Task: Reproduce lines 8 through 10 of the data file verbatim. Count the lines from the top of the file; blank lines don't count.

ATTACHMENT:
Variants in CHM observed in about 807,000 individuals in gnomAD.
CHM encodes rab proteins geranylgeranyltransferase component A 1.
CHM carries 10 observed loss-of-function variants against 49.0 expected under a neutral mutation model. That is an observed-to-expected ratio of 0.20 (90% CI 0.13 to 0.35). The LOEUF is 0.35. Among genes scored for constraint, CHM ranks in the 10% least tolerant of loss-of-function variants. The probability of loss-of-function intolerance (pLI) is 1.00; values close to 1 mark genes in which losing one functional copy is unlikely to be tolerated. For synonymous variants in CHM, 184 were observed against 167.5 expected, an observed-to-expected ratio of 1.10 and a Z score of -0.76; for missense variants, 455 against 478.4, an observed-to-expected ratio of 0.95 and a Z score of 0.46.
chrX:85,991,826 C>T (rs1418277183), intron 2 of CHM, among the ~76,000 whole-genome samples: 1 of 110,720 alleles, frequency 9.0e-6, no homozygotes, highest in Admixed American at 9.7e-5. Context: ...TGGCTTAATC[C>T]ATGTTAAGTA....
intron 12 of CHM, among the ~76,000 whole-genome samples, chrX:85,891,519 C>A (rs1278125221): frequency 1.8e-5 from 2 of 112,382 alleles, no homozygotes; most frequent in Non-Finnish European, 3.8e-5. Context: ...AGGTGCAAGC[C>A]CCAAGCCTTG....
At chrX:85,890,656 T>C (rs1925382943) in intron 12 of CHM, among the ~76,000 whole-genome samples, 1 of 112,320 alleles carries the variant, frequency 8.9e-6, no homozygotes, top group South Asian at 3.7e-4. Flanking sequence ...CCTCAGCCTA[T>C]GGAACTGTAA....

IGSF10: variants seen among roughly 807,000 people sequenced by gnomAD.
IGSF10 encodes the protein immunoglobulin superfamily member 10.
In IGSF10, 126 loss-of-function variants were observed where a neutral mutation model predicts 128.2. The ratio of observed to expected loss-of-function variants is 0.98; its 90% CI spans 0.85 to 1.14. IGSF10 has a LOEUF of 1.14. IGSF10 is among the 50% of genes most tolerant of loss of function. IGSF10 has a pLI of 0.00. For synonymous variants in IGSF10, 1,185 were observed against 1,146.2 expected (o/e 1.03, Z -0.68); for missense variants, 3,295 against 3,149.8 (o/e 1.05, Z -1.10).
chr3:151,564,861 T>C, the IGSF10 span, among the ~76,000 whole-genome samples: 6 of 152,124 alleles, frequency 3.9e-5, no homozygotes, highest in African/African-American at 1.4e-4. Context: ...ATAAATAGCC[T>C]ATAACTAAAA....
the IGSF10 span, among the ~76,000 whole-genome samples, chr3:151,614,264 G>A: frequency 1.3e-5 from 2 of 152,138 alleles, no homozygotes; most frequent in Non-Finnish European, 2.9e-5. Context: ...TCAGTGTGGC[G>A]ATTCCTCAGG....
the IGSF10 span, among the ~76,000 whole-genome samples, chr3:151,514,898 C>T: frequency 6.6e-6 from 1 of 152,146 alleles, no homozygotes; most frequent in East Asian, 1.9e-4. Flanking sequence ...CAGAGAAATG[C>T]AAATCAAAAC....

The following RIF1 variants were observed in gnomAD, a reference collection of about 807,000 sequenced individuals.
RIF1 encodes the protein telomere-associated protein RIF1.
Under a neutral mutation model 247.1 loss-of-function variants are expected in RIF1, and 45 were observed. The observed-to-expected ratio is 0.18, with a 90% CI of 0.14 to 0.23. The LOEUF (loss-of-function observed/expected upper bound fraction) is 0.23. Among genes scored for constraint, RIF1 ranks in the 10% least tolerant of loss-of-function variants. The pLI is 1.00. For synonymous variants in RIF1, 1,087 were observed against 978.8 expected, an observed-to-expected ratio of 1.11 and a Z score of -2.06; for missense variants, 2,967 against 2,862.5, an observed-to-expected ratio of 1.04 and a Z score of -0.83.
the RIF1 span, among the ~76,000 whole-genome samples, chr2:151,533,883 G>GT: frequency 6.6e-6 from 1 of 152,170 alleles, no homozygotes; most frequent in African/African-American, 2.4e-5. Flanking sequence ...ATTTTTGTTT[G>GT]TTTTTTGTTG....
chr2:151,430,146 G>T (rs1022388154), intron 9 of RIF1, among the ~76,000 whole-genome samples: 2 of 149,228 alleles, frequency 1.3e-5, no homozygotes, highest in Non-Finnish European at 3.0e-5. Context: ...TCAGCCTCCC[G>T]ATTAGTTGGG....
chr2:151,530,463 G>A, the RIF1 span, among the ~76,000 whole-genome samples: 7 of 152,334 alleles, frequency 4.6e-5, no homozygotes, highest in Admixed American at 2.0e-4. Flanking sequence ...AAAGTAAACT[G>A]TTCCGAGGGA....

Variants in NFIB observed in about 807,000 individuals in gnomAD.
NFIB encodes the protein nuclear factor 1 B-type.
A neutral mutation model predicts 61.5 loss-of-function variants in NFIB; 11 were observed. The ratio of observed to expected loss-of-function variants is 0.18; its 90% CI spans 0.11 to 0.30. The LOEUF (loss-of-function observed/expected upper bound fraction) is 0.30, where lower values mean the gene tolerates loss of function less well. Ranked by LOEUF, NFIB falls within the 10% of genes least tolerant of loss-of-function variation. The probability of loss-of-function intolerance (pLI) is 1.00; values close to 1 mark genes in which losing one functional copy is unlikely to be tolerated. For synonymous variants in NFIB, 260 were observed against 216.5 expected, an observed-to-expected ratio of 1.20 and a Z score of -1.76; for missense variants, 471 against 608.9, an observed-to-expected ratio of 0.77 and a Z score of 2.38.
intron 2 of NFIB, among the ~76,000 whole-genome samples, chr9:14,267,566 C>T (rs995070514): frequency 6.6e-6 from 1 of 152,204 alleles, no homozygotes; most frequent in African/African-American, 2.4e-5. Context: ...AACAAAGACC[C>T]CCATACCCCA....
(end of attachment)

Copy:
IGSF10 encodes the protein immunoglobulin superfamily member 10.
In IGSF10, 126 loss-of-function variants were observed where a neutral mutation model predicts 128.2. The ratio of observed to expected loss-of-function variants is 0.98; its 90% CI spans 0.85 to 1.14. IGSF10 has a LOEUF of 1.14. IGSF10 is among the 50% of genes most tolerant of loss of function. IGSF10 has a pLI of 0.00. For synonymous variants in IGSF10, 1,185 were observed against 1,146.2 expected (o/e 1.03, Z -0.68); for missense variants, 3,295 against 3,149.8 (o/e 1.05, Z -1.10).
chr3:151,564,861 T>C, the IGSF10 span, among the ~76,000 whole-genome samples: 6 of 152,124 alleles, frequency 3.9e-5, no homozygotes, highest in African/African-American at 1.4e-4. Context: ...ATAAATAGCC[T>C]ATAACTAAAA....